My heart became hot within me. As I mused, the fire burned; then I spoke with my tongue: "O Lord, make me know my end and what is the measure of my days; let me know how fleeting I am!"

29 June 2006

Synod, part 4

We're now in the middle of some of our discussions on worship. We have a Psalter Revision Committee working to publish a new psalter, hopefully by 2008-ish. In my humble opinion, they're doing really good work. You can imagine how many opinions are being expressed. They're doing a good job taking the rough, stilted, King James-ish language out and putting more accurate, singable translations in. I also really like some of the new tunes. But when it comes, it'll be a big adjustment, regardless of how sympathetic a congregation might be to the new psalter.

We also have a committee to revise the directory for public worship. There's nothing to vote on this year, but I imagine their update report will generate some debate as well. Their initial work relies on the idea that worship is covenant renewal; this is based on synod's adopted position paper on worship, which you can find here.

28 June 2006

Synod, part 3

We have a committee on "Understanding the Times." This committee's job is somewhat ambiguous, but they generally write a several-page report covering what the two committee members feel are the most important regarding the current state of our nation(s) and societies. Though it doesn't necessarily stand as an official denominational position paper, it always generates some decent debate. This year the paper was exclusively political, which is unfortunate, to my thinking. I'm glad that it was worded strongly enough to generate some good discussion, though I'm guessing it will just peter out. But it brings up some fun questions to talk about:

If we really want to understand the times (1 Chr. 12:32), how do we do that? How do we best utilize the church's resources and get helpful information out to her pastors and churches?

How ought the church of Christ to address its political beliefs to the government?

How does the kingship of Christ impact our understanding of society beyond politics?

Synod haikus

Haiku for a synod afternoon

synod words go slow
speeches and rumors of speeches
pinch myself awake

Haiku for a synod debate

rankled words spill forth
teeth grind, blood pumps, smiles still friendly
good times had by all

27 June 2006

Synod, part 2

A couple other important reports:
  • Home Mission Board: this was an encouraging update on where our denomination is focusing in church planting. This board is leading us in a 20/20 vision (20 new churches by 2020) and it looks like many churches and presbyteries are taking up the charge admirably. You can check out the HMB's website here.
  • Foreign Mission Board: It's been a big year for the FMB; our mission to Sudan is really taking off well, by God's grace. This is Dave Long's (the most senior pastor) last year as head of the FMB. He's served very well in this big job for a while; synod gave him a well-deserved standing ovation.

Getting synodical

This week is the RPCNA synod. You can get somewhat official updates here. But you can get non-official updates here.

Jim Pennington, long-time pastor and missionary to Japan, is our new moderator.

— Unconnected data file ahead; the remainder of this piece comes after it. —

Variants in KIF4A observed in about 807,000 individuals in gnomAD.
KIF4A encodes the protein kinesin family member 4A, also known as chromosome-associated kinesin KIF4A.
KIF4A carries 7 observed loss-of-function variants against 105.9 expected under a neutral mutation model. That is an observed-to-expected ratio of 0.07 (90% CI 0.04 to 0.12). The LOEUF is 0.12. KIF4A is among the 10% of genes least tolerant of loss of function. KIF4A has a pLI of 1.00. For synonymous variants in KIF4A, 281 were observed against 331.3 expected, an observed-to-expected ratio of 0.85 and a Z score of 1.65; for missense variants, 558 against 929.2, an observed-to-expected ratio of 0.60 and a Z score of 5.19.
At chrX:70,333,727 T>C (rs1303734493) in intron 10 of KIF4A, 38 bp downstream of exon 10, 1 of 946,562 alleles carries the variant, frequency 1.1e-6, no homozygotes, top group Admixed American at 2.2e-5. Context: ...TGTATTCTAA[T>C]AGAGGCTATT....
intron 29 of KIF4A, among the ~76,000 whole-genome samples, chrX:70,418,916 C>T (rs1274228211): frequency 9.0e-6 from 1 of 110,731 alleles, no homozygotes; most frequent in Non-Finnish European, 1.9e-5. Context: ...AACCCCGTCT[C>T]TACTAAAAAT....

The retiring moderator, Dr. Jonathan Watt, preached on Hebrews 6:10 regarding God not forgetting our works, meager as they are. This morning Bob Hemphill, pastor of Westminster RPC in Denver, began our week's series on mercy ministries by preaching on the parable of the good Samaritan. The highlights:
  • Charity is impossible apart from the work of the Spirit in our impovershed hearts.
  • Charity is best exemplified by the awesome greatness of our Savior's service to us. Go thou and do likewise...
Currently, the business of synod committee is going through their initial report, where they give their recommendations for handling the different "communications" (papers, appeals, etc.) coming from the presbyteries. Some interesting debate is ensuing...


For your Mac vs. PC enjoyment.

23 June 2006

Happenings and Thoughts

Wow, it's been a busy week. But it's great to see the Lord working in our midst and making us fruitful.


Several people in our church family are different stages of fighting cancer. One friend had his kidney removed this week. Through it all, I've been encouraged and rebuked - rebuked because of my lack of faith in our God who cares so deeply for His children. Encouraged, not so much by the faith of these dear saints (although there's much for me to learn there as well), but by the grace of God that shines so clearly through His own in times of distress.

This week in Proverbs, I'm preaching on the beginning of chapter 30, which states that "every word of God proves true." Because He knows the weakness of our faith, God keeps reminding us of His power and goodness and faithfulness. This is both to my shame and joy; shame that I need these lessons so often. Joy, for these are the sweetest lessons to learn.


Church planting: our location committee has met a couple times already, investigating and evaluating possible worship locations. We're narrowing it down, but there's some work left to do. There's also some waiting left to do; please pray that God would open the right doors and close the wrong ones.


Our synod's coming up next week in Beaver Falls, PA. Because of our denomination's past flirtations with teetotaling and legalism in that area, and because the issue of wine in communion may come to the floor of synod again this year, I was fascinated to hear about the Southern Baptist Convention's new resolution regarding alcohol (summary: they don't like and you shouldn't either).

This isn't about our opinions or habits regarding the use of alcohol; this is about legalism supported through misreading of Scripture.Justin Taylor commented on his blog (the whole post is very good):